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S. (Willow) Stems at Bluestem Nursery

Salix (Willow)

Willow Invasiveness

Why Blame Willows?

Salix udensis 'Sekka' - a perfectly well-behaved willow

People often make reference to the invasive nature of willows. It has been said that they can destroy water pipes, clog drainage fields and septic tanks, crumble the foundations of homes, and that they are prone to blow over in storms. If these factors are not bad enough, willows are also messy with catkins dropping in the spring and leaves falling in the autumn.

While it is true that some vigorous growing willows can do some of these things, is all of this blame on willows really warranted? For instance, with regard to their falling over in storms, willows, with their quick-growing roots, are actually less likely to blow over compared to many of the shallow rooted trees. A good example is Blue Spruce (found on many suburban lots) which have a much higher risk for windthrow.

As to the notion of destroyed pipes and foundations, if pipes are leaking and foundations have cracks, willow roots will take advantage of these available resources. However, the same could be said for many other large trees and shrubs. Willow roots cannot drill holes in pipes nor damage solid foundations.

Whenever there is some uncertainty, especially around older homes and exterior plumbing, it is prudent to be cautious when planting willows. Also, it is wise not to plant any water-loving trees on or near septic tanks and drainage fields.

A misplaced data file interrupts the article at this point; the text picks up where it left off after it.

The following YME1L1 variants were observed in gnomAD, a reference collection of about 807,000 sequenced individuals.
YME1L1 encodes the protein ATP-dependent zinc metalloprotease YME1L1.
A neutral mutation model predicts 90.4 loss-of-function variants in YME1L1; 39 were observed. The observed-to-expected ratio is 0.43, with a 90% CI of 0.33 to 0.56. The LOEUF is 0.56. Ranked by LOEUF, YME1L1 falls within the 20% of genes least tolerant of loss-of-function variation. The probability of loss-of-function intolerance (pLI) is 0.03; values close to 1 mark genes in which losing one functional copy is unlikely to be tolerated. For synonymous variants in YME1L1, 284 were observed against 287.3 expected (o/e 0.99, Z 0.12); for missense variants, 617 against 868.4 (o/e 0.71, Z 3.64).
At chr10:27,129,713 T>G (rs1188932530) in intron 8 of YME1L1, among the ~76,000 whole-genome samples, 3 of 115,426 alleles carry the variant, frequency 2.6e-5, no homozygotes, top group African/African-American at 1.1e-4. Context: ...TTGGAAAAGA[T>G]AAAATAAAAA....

Salix nakamurana var yezoalpina
Salix nakamurana var yezoalpina - an alpine willow that remains low to the ground

Keep in mind that the genus Salix is a large and diverse plant group with nearly 500 species. Only a few are responsible for their bad reputation. Unless the area can accomodate large trees, avoid using Salix alba (White willow), Salix fragilis (Crack willow), Salix babylonica (Weeping willow), Salix nigra (Black willow) and the others that become large shrubs.

Coppicing (pruning back to the ground each year) will keep the roots of the large and medium willows in check. With less top growth providing energy to the roots, the root size is correspondingly less. City gardeners can enjoy many of the brightly coloured basketry willows by giving them this annual pruning.

It is certain that as willows become more popular and well-known, many more of the small and alpine types will become available.